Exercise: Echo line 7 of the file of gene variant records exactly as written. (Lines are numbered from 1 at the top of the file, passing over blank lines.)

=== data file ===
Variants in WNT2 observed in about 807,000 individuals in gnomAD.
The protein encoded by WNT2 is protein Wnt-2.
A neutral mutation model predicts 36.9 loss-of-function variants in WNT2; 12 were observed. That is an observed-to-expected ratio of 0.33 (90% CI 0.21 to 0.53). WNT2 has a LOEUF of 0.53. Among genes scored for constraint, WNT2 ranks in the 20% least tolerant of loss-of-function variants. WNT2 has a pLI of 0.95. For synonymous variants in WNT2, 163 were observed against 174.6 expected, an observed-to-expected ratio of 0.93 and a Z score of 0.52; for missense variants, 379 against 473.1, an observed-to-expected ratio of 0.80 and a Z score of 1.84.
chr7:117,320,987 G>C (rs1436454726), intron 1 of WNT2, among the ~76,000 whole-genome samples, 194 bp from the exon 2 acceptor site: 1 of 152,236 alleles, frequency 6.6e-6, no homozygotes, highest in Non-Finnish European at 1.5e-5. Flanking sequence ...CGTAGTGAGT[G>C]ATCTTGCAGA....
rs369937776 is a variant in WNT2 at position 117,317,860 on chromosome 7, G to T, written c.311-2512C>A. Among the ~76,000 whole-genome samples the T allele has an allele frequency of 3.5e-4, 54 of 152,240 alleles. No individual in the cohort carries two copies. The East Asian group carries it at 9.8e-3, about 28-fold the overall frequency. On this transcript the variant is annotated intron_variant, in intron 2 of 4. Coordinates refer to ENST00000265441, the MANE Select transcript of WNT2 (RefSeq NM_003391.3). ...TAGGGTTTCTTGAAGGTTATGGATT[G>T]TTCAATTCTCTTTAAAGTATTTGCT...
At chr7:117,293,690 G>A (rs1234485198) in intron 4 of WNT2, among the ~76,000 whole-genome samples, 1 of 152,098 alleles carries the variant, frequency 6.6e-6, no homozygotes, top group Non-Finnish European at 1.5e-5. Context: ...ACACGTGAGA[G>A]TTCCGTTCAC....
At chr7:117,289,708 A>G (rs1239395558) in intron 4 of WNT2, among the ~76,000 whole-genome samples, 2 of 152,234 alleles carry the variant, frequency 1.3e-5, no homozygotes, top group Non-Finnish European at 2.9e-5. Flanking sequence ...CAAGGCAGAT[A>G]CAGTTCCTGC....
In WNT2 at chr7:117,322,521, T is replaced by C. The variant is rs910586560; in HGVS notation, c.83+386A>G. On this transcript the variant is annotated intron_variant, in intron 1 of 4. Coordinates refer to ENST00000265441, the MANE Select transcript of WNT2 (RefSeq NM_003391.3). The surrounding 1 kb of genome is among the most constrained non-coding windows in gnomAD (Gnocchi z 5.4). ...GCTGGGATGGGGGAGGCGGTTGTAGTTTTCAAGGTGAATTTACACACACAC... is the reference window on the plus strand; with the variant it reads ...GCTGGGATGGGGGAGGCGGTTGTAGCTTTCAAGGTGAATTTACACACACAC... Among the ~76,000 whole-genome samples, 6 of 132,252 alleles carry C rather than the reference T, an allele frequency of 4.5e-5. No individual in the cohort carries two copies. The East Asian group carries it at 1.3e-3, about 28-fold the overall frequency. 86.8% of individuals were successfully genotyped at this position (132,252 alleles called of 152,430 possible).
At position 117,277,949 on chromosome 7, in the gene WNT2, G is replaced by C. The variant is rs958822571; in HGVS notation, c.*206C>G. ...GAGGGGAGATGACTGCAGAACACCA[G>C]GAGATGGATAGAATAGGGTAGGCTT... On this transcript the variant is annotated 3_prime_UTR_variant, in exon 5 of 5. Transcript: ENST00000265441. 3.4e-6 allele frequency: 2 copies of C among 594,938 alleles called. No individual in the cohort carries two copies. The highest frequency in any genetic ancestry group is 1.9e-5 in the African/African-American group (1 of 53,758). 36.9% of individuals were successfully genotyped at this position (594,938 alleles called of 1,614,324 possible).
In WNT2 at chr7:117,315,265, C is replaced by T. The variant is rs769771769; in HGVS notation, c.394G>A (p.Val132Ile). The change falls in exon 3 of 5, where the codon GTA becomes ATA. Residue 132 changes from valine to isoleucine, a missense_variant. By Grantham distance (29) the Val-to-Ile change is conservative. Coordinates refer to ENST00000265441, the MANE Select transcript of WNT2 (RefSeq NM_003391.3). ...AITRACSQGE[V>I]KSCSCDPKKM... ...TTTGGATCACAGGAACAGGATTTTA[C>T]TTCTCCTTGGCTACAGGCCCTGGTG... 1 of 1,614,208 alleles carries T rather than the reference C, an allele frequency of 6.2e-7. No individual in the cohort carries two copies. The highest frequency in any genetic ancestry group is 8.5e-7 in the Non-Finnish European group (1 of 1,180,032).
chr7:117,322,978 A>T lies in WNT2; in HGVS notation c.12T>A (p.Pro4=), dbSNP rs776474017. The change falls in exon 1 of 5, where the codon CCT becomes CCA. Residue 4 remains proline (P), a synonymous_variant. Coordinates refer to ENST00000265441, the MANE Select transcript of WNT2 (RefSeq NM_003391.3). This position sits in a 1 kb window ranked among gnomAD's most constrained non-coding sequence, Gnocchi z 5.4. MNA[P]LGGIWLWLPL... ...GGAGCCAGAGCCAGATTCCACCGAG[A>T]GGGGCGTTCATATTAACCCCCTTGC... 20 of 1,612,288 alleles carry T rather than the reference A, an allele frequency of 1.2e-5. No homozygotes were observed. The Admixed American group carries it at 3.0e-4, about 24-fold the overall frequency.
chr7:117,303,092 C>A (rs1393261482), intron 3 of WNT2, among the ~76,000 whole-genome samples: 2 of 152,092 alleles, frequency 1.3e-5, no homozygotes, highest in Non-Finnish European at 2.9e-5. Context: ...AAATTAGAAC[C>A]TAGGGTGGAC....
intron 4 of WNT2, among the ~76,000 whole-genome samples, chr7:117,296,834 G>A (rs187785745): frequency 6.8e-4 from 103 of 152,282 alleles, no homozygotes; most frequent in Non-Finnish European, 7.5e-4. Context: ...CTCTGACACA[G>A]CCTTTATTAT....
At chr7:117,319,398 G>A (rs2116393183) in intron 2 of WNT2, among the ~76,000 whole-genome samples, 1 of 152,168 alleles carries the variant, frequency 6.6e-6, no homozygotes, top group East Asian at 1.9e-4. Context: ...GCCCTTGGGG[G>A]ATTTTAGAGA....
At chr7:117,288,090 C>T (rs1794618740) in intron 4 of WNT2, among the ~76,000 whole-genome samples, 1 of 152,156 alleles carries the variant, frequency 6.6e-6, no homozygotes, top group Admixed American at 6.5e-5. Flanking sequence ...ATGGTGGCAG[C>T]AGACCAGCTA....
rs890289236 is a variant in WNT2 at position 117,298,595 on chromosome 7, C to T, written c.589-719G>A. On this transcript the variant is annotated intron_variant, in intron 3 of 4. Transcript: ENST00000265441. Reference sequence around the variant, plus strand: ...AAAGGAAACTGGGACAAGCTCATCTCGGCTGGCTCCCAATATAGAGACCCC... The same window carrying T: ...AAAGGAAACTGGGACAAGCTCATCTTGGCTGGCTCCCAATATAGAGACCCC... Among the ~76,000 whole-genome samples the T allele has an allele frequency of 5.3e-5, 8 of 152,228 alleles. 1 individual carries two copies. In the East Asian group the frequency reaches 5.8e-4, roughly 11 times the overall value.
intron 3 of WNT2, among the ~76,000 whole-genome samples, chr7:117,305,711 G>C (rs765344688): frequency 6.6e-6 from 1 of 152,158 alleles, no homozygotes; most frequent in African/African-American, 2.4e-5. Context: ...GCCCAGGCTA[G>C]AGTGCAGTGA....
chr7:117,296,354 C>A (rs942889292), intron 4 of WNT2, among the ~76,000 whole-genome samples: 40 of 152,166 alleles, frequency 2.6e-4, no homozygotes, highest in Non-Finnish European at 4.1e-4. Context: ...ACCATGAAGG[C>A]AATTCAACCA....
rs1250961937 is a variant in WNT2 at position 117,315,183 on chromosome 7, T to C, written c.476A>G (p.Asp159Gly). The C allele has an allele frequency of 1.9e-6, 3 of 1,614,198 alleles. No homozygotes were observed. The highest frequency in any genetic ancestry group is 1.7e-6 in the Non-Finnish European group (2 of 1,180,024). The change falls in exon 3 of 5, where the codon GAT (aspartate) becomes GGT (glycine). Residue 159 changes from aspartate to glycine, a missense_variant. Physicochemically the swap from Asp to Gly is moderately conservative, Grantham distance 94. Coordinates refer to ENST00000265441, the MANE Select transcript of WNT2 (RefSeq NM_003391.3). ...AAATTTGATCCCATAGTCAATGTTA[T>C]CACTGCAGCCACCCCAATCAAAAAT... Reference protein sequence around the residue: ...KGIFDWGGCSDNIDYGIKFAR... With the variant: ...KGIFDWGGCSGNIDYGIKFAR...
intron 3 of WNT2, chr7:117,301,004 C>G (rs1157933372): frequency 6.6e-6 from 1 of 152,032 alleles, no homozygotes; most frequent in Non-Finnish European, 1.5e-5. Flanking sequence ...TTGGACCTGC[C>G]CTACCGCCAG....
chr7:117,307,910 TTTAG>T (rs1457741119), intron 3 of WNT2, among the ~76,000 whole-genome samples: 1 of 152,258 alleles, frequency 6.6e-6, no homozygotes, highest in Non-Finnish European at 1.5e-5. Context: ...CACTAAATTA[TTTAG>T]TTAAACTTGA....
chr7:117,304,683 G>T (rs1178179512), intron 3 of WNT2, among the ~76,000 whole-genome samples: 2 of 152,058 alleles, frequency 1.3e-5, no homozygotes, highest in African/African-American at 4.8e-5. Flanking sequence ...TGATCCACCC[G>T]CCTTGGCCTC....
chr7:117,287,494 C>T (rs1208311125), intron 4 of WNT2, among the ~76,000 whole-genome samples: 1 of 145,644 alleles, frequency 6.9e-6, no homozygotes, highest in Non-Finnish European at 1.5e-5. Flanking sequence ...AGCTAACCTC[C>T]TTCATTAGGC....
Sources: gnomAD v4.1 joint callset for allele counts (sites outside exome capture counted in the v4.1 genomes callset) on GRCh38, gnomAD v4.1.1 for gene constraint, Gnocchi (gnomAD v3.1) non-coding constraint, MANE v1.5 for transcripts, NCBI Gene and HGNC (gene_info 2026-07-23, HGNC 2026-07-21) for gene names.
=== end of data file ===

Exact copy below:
At chr7:117,289,708 A>G (rs1239395558) in intron 4 of WNT2, among the ~76,000 whole-genome samples, 2 of 152,234 alleles carry the variant, frequency 1.3e-5, no homozygotes, top group Non-Finnish European at 2.9e-5. Flanking sequence ...CAAGGCAGAT[A>G]CAGTTCCTGC....